Ron Paul: I have nothing to add to my previous reviews. Paul was Paul, steady, unchanging, on message, and not likely to break into frontrunner status any time soon.

Rick Santorum: Continued whining about not getting enough face time. Took some more extreme positions on foreign policy than the others and was the first to invoke Israel to get a round of applause. Seemed a bit out of his depth on answers about how to deal with the duplicity of Pakistan as they affect our relations with Afghanistan. Other than that, he was mostly a non-entity in this debate.

Conclusions: As I said, one of the best debates yet, even with all the technical problems and the efforts by CBS to shoot themselves in the foot. Lots of good performances and after a night to sleep on it, I still can’t say there is one clear winner. I will award this one as a tie between Rick Perry and Newt Gingrich for the win. Romney stays pretty much where he was. I have no idea what, if anything this does to Cain, (since he’s apparently made of Teflon) but I don’t see how this helped him with anyone who wasn’t already firmly in his camp. The rest of the field didn’t do enough to break out of their current positions.

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I still say the best part about having so many candidates is it gives the Obama reelection team fits trying to concentrate on one candidate. 8 against 1 for as long as possible is good for our side. Besides it dilutes the amount of ink the MSM can devote to beating the eventual nominee.

txmomof6 on November 13, 2011 at 4:49 PM

txmomof6 on November 13, 2011 at 4:49 PM

Thanks for pointing out that nice silver lining.

ray on November 13, 2011 at 5:18 PM

Whatcat: since you continue to ask for replies to the “expert” criticism of Perry’s zero-based foreign aid funding proposal…the problem is merely a matter of semantics, and non-existent in terms of actual financing realities.

US aid to Israel is approximately $3.1 billion annually as of the last fiscal year. Since it is a virtual certainty that they would continue to receive this funding even in a zero-based environment, they should just plan to receive the aid, and simply float a loan to replace it if it doesn’t show up. Heck, they do that with the rest of their budget already…tax receipts for a given year are never exactly known in advance, but spending plans are made at fixed levels anyway.

The Israeli economy is $220 billion, and growing faster than ours. Their debt-to-GDP ratio is only 44%, so they can easily afford to make these contingency plans as a backup “just in case”. They can afford to borrow the money to fund this spending better than we can, in fact.

In other words, a shift to zero-based budgeting should not affect their planning and spending in the slightest.

HTL on November 13, 2011 at 5:32 PM

So Perry would have us have a huge public political battle every year on what countries should get aid and how much? Imagine the yearly violent protests and press coverage of the Occupy Foreign Aid to Israel wackos. It would waste 2-3 months a year and funnel even more money to lobbyist groups to help spin PR. That’s a great proposal, for a democrat.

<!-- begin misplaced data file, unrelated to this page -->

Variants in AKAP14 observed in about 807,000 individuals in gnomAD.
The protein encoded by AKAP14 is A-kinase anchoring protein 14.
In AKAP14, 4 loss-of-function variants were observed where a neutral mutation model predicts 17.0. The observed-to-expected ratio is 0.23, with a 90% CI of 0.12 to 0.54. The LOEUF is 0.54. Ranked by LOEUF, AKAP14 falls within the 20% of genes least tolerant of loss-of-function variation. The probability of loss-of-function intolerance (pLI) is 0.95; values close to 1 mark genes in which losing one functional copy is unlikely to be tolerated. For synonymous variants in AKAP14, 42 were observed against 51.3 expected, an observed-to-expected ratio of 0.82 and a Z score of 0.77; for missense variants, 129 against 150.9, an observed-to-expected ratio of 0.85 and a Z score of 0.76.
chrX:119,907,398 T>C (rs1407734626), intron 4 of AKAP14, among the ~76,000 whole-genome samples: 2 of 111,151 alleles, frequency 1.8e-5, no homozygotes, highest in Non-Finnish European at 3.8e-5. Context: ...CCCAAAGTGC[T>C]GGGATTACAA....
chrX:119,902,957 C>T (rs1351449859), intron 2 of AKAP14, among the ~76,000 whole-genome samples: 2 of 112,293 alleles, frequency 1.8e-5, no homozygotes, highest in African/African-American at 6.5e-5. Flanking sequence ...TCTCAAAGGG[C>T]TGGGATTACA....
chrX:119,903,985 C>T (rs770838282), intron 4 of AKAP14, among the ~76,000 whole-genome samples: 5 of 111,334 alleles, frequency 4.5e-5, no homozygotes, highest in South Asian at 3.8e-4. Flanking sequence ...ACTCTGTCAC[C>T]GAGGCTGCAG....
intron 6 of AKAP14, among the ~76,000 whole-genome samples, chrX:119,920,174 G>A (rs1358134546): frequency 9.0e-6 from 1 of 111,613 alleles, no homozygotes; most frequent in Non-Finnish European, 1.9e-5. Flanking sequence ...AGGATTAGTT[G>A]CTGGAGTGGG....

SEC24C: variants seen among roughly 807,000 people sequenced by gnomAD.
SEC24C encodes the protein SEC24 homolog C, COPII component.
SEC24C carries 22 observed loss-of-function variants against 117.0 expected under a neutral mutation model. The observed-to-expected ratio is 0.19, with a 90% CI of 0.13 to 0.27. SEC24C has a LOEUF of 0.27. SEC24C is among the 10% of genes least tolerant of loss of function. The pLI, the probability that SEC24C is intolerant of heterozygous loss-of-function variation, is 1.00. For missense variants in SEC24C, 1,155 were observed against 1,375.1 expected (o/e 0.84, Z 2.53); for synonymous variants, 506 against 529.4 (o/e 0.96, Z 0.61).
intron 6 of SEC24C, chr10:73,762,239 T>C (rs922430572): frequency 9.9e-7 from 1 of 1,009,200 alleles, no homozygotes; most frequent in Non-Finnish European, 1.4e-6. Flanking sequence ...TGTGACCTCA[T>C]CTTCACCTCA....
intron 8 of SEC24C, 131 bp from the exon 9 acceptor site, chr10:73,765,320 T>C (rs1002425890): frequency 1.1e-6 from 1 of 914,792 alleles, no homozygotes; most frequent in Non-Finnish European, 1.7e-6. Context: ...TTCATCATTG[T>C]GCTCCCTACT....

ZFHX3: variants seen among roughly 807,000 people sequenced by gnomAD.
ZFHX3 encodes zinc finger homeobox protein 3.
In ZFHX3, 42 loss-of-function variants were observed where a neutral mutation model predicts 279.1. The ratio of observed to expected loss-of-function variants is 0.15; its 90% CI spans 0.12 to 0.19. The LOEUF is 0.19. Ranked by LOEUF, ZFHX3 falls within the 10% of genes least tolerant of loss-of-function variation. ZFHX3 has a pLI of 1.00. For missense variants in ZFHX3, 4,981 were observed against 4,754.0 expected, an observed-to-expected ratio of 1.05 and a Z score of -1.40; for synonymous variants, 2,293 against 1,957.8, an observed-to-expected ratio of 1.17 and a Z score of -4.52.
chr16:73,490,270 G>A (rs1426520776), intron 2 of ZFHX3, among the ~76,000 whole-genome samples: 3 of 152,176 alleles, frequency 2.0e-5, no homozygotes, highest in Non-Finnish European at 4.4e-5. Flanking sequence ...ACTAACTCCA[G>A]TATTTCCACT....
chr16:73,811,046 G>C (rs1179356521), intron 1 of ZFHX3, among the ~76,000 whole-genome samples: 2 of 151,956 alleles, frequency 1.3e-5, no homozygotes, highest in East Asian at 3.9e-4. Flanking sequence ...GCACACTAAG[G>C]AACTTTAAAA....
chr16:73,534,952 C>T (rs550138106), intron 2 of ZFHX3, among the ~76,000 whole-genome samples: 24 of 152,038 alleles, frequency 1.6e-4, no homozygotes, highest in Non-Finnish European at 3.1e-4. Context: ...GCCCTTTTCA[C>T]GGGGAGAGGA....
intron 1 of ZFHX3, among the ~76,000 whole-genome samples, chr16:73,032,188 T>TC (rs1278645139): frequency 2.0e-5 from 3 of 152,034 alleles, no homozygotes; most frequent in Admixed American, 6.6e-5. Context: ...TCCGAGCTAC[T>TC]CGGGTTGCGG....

ray on November 13, 2011 at 5:57 PM

Whatcat: since you continue to ask for replies to the “expert” criticism of Perry’s zero-based foreign aid funding proposal…the problem is merely a matter of semantics, and non-existent in terms of actual financing realities.

US aid to Israel is approximately $3.1 billion annually as of the last fiscal year. Since it is a virtual certainty that they would continue to receive this funding even in a zero-based environment, they should just plan to receive the aid, and simply float a loan to replace it if it doesn’t show up. Heck, they do that with the rest of their budget already…tax receipts for a given year are never exactly known in advance, but spending plans are made at fixed levels anyway.

The Israeli economy is $220 billion, and growing faster than ours. Their debt-to-GDP ratio is only 44%, so they can easily afford to make these contingency plans as a backup “just in case”. They can afford to borrow the money to fund this spending better than we can, in fact.

In other words, a shift to zero-based budgeting should not affect their planning and spending in the slightest.

HTL on November 13, 2011 at 5:32 PM

Clearly it does affect their planning if they have to have “just in case” scenarios drawn up.

If it’s a virtual certainty, why not simply keep it a certainty? What purpose does adding the uncertainty serve?

CrankyTRex on November 13, 2011 at 6:00 PM

Catch your breath bro, Newt will destroy obambi everytime they debate. His message will resound with the people of this country and his message will be understood. Not like obambi’s flowery talk or class warfare.

VegasRick on November 13, 2011 at 12:23 PM

Just like with his “Contract with America”… which he ditched and went Big Government just like the rest of the Progressives. No thanks. Newt is a great idea man… but that’s it. He can’t/won’t deliver on conservative promises.

dominigan on November 13, 2011 at 6:04 PM

Perhaps, at a future event, CBS will shoot themselves in a more critical area, and end our agony.

Another Drew on November 13, 2011 at 6:11 PM

Aside from Cain’s harassment problems, he showed that he is nowhere near Presidential material when it comes to foreign policy. The “I’ll have to ask my advisers” bit could only carry him just so far, and he hit the wall last night.

Bye Herman. I’ll take a large ham & pineapple pizza…

stacman on November 13, 2011 at 4:33 PM

Herman Cain never even talked about advisors in that debate, except for the question in which he was asked about in what conditions he would override them.

I guess you didn’t watch the debate. Perry supporter?

BKennedy on November 13, 2011 at 6:57 PM

Bye Herman. I’ll take a large ham & pineapple pizza…